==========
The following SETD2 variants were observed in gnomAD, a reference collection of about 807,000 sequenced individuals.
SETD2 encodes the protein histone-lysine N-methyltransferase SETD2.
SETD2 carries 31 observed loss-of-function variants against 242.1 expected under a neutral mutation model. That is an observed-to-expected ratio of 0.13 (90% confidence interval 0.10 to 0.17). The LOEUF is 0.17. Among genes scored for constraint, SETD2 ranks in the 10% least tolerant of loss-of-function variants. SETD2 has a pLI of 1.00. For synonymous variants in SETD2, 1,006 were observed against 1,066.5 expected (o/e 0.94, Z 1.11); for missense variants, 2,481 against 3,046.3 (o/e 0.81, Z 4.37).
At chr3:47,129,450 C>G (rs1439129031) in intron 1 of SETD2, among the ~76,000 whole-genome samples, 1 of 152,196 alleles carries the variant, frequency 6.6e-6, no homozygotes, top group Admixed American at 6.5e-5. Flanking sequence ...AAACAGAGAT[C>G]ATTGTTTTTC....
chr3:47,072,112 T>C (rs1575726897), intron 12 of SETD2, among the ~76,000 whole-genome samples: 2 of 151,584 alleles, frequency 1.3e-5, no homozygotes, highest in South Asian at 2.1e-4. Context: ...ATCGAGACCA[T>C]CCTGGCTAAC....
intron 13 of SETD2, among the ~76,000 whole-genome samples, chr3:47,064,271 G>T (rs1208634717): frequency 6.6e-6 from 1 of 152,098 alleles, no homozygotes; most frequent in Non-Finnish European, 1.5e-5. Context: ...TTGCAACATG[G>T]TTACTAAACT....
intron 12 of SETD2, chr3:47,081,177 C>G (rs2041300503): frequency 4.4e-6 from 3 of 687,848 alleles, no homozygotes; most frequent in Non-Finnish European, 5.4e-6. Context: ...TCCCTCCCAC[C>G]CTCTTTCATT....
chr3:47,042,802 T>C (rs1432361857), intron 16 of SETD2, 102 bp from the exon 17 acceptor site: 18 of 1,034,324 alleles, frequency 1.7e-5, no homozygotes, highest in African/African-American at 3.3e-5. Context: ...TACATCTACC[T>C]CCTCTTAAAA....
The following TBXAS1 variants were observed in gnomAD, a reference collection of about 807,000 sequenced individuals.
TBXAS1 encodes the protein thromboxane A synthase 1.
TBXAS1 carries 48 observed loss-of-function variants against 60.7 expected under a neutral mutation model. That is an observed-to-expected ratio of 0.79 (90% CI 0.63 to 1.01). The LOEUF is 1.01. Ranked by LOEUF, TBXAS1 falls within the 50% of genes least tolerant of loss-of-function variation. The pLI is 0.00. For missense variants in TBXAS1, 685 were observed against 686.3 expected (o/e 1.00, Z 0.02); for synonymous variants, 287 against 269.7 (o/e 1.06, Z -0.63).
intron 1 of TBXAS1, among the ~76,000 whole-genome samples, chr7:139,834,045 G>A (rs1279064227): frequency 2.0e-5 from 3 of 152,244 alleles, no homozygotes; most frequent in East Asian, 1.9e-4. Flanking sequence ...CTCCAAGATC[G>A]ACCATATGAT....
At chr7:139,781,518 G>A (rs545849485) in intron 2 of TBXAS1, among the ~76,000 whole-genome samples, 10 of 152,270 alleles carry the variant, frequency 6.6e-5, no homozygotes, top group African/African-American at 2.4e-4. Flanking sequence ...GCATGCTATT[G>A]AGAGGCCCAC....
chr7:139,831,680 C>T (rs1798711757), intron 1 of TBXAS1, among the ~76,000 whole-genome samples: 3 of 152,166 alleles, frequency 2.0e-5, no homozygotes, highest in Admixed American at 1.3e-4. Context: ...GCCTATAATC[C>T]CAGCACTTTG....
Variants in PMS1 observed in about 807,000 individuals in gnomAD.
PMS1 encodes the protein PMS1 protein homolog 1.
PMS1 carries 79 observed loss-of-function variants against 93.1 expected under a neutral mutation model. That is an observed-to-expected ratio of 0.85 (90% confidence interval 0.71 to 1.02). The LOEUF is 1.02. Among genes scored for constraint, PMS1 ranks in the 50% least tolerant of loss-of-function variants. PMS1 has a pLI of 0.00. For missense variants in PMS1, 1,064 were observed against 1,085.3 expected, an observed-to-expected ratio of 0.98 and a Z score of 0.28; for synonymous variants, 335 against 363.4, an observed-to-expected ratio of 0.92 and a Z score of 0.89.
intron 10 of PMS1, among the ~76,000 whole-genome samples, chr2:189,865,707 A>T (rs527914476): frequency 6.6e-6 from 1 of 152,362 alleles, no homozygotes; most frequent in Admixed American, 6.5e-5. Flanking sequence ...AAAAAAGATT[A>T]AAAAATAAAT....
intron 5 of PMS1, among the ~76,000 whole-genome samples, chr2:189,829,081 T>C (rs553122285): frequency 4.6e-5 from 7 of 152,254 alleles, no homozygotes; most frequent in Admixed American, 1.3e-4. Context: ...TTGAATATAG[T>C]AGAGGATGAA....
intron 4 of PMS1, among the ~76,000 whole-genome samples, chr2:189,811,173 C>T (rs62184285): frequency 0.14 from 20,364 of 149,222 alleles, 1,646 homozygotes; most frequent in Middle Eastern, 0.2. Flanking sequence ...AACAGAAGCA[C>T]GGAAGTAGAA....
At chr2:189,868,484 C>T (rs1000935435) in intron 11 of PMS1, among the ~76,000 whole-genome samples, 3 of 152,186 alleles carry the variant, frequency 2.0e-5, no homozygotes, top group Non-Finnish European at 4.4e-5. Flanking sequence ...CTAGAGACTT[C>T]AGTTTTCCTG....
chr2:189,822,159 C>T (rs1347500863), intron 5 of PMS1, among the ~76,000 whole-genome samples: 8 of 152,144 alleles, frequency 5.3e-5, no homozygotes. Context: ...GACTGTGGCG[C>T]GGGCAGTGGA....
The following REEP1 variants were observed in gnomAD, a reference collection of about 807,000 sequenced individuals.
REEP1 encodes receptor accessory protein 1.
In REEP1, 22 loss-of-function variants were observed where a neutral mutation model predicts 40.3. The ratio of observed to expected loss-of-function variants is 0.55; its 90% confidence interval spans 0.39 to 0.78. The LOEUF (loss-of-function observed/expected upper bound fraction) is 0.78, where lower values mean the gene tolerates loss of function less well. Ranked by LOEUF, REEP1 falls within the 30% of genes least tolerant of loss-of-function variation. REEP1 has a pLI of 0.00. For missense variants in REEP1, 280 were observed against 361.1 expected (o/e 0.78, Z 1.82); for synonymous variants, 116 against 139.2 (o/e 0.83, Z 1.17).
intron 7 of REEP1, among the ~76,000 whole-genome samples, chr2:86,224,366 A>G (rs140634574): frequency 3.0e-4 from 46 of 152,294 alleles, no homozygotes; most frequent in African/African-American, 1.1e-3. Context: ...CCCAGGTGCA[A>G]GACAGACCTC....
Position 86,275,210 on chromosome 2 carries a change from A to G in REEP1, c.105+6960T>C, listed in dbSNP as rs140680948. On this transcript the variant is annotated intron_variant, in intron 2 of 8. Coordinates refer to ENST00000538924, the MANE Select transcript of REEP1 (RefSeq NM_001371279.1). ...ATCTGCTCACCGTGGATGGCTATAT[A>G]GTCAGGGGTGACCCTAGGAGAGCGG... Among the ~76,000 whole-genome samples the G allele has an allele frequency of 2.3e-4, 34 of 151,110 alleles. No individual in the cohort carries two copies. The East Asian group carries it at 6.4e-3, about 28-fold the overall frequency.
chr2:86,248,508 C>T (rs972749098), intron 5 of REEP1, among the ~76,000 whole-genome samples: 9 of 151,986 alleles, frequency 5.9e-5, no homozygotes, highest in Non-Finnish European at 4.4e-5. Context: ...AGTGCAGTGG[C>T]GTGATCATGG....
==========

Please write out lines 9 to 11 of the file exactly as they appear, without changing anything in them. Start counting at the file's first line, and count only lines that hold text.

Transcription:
The following TBXAS1 variants were observed in gnomAD, a reference collection of about 807,000 sequenced individuals.
TBXAS1 encodes the protein thromboxane A synthase 1.
TBXAS1 carries 48 observed loss-of-function variants against 60.7 expected under a neutral mutation model. That is an observed-to-expected ratio of 0.79 (90% CI 0.63 to 1.01). The LOEUF is 1.01. Ranked by LOEUF, TBXAS1 falls within the 50% of genes least tolerant of loss-of-function variation. The pLI is 0.00. For missense variants in TBXAS1, 685 were observed against 686.3 expected (o/e 1.00, Z 0.02); for synonymous variants, 287 against 269.7 (o/e 1.06, Z -0.63).